WTI OIL Commentary
Last week saw the price of crude surge back up from Wednesday’s close at $38.87 to current levels above $47.00 in the space of three trading sessions. The extra volatility may have been a spill over from last weeks extreme volatility experienced in the stock markets. It could also be due to a technical correction on the back of the longest decline in crude oil prices since it bottomed out in December 2008. Price also received a hand from China, which cut interest rates in an attempt to help the world’s largest consumer of energy get its economy back up to full steam, giving way to a recovery in the Shanghai Stock index and leading to hopes the world’s second largest economy may pick-up up again. These hopes were reduced sharply overnight, as Manufacturing PMI (Purchasing Managers Index) figures were released at 51.5, considerably lower than expected at 53.9 with a previous number of 53.8. Manufacturing is China’s largest contributing industry to GDP, such a drop in this number shows weakness in the overall state of the economy.
Tomorrow will see the weekly Crude Oil stock pile data released by the EIA (Energy Information Agency) in the US. Last week’s number was expected to add 1.8 million barrels but actually was released as a decrease in stock by 5.45 million. The forecast for tomorrow’s number is a decrease of 1 million barrels. If the reduction in stock is much greater than expected we may see oil price gain in value. EIA also published a report Monday showing that US production in April peaked at under 9.6 million barrels per day (bpd) and fell by 300,000 bpd over the following two months. Supply however is far from being short of demand which is weakening across the globe while OPEC producers, according to reports, are producing between two and three million barrels a day more than needed. Plus we still have to factor in extra supply from Iran once it actually hits the markets.
From the day chart below we can see the large increases in price over the three previous trading sessions which broke a downward trend that had been in place since June. This looks like a strong correction taking place, as the fundamentals for this commodity have not really changed. Looking at the MACD chart we can see how the blue bars are above the signal line (dotted red line) indicating that momentum is on the upside and there is still plenty of room for new highs as the blue vertical bars are not above 0 yet. Looking at the Monthly chart, last month’s candle shows a hammer formation, this is typically bullish when it appears at the bottom of a sustained down trend.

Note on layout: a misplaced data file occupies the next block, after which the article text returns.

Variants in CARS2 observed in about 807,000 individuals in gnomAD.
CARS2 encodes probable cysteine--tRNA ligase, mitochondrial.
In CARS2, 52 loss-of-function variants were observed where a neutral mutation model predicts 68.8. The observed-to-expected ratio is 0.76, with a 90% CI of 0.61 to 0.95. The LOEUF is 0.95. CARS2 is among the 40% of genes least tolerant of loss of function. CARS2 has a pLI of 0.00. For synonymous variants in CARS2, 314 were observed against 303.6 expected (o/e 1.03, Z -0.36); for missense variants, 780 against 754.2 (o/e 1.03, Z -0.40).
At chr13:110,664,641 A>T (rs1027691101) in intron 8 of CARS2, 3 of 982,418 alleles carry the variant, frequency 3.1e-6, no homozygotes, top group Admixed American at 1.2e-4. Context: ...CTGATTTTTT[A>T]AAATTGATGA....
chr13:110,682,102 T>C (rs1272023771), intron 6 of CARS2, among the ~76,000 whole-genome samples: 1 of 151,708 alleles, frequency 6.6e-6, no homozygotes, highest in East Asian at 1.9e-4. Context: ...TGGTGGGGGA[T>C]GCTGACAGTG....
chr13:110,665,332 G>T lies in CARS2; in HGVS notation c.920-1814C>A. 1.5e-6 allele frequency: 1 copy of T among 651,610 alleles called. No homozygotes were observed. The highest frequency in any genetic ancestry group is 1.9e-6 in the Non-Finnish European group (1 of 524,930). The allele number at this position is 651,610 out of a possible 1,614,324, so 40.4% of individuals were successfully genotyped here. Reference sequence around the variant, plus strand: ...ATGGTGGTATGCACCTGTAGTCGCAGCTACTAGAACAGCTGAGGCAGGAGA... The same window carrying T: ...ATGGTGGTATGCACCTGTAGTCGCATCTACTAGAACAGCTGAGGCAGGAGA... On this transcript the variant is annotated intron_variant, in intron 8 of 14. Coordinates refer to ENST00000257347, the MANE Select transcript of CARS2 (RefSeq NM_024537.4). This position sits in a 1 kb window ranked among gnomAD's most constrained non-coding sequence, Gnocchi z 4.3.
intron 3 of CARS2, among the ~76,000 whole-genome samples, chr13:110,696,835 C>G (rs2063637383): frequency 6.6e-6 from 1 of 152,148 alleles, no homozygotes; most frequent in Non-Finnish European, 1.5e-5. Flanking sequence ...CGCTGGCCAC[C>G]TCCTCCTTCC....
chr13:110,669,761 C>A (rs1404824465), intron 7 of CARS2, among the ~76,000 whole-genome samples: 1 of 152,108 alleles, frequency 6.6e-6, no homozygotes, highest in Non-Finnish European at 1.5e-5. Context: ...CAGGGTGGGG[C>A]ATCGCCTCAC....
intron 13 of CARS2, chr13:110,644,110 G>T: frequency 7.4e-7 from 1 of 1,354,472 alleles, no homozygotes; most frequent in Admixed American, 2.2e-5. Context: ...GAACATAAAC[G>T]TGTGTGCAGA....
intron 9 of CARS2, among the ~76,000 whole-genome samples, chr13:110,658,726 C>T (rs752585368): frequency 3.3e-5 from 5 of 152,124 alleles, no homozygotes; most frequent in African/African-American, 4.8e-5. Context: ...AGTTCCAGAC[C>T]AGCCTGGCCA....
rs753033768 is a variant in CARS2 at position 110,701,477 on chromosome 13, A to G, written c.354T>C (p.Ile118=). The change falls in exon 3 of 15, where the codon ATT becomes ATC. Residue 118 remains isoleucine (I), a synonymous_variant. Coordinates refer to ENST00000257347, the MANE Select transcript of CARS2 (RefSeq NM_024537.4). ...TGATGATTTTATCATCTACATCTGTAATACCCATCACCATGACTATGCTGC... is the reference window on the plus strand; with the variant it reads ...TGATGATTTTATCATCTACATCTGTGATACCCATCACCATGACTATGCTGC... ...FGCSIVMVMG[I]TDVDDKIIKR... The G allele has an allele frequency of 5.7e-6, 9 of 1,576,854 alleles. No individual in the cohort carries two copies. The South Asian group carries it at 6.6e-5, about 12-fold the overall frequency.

WTI OIL Daily Candle Chart:
WTI OIL Monthly Candle Chart:
How to Trade WTI OIL price action?
Through buying Options it is possible to create limited risk positions in the WTI OIL market. The following are trade examples set-up on the ORE Web-Platform.
Trade 1: WTI OIL to rally
If you expect Crude oil stock will reduce by more than 1 million barrels and Crude oil price will rise, you may buy a Call option because a Call gives you the right to buy Crude oil at a certain price (known as the strike) up until an expiry date. As oil price rises above the strike price the option gains in value and you may profit. The cost to buy the option ('open premium') is your maximum risk. You can close the option at any time before expiry to lock-in profit or reduce a loss.
The image below shows a WTI OIL Call option to buy 100 barrels at 47.3 over the next 3-days and it costs a 93.77 USD premium to open the trade.
The Call will generate income as WTI OIL price rises above 47.30, for example if oil is trading at 49.30 ($2 above the strike) by expiry the Call will payout 200 USD (100 barrels x $2). If WTI OIL does not rise and expires at or below 47.3 the option will have no value and you will lose the open premium.
Trade 2: WTI OIL to fall
If you expect a lower reduction in Crude oil stock than anticipated and the price of Crude oil to fall, you may buy a Put option because a Put gives you the right to sell oil at a certain rate (strike) up until an expiry date. As Crude oil price falls below the strike price the option gains in value and you may profit.
The below WTI OIL Put option to sell 100 barrels at 47.61 over the next 3-days costs a 94.22 USD premium.
The Put will generate income if WTI OIL falls below 47.61, for example if OIL price falls to 42.61 ($5 below strike) by expiry then the option will payout 500 USD. If WTI OIL does not fall and expires at or above 47.61 the option will have no value and you will lose the open premium.